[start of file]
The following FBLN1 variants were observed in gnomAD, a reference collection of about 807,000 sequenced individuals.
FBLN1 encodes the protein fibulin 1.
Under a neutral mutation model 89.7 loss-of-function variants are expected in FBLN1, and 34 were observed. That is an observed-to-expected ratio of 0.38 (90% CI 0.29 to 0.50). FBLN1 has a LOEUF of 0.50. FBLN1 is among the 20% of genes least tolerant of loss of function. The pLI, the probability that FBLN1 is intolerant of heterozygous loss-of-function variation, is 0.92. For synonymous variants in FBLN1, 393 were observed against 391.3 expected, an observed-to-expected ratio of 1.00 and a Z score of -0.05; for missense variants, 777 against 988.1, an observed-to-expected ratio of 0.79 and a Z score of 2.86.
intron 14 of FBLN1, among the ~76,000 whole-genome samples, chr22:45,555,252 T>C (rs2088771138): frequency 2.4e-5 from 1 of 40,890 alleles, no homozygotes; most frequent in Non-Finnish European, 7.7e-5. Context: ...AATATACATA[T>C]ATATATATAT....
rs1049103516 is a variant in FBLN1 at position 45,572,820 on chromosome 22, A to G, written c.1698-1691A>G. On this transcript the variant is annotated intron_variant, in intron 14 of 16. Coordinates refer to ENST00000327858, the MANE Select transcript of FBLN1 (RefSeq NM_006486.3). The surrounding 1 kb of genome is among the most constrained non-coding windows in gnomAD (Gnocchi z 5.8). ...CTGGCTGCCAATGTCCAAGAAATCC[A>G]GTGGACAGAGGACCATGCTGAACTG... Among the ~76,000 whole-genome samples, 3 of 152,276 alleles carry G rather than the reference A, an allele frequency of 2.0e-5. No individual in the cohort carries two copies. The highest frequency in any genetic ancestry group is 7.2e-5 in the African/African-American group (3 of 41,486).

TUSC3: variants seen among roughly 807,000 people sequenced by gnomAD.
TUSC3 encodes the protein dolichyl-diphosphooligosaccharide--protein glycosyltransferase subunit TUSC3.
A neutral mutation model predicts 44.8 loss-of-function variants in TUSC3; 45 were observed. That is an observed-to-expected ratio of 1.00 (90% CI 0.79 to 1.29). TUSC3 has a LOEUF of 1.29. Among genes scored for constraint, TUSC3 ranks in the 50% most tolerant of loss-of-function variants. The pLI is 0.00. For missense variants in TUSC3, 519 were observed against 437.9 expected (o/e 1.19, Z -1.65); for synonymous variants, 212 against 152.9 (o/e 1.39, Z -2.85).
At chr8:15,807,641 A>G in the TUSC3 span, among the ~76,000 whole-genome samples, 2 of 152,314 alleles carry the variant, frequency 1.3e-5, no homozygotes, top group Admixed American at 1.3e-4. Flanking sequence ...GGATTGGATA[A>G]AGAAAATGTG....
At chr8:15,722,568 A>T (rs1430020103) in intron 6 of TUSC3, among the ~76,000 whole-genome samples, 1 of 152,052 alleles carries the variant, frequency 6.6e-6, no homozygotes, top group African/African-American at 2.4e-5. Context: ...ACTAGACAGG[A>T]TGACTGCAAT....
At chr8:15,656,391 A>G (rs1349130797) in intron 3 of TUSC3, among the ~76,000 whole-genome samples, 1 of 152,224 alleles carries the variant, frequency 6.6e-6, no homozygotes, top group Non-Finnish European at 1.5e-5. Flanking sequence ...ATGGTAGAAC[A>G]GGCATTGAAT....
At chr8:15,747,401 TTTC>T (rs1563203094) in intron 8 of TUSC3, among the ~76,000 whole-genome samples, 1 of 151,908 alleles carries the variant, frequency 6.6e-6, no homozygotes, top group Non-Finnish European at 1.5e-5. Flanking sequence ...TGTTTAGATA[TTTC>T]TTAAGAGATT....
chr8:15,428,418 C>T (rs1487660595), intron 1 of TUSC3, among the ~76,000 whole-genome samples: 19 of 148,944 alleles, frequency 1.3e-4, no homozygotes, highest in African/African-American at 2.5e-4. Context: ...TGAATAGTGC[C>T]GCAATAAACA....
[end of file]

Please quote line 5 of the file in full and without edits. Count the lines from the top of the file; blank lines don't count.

rs1049103516 is a variant in FBLN1 at position 45,572,820 on chromosome 22, A to G, written c.1698-1691A>G. On this transcript the variant is annotated intron_variant, in intron 14 of 16. Coordinates refer to ENST00000327858, the MANE Select transcript of FBLN1 (RefSeq NM_006486.3). The surrounding 1 kb of genome is among the most constrained non-coding windows in gnomAD (Gnocchi z 5.8). ...CTGGCTGCCAATGTCCAAGAAATCC[A>G]GTGGACAGAGGACCATGCTGAACTG... Among the ~76,000 whole-genome samples, 3 of 152,276 alleles carry G rather than the reference A, an allele frequency of 2.0e-5. No individual in the cohort carries two copies. The highest frequency in any genetic ancestry group is 7.2e-5 in the African/African-American group (3 of 41,486).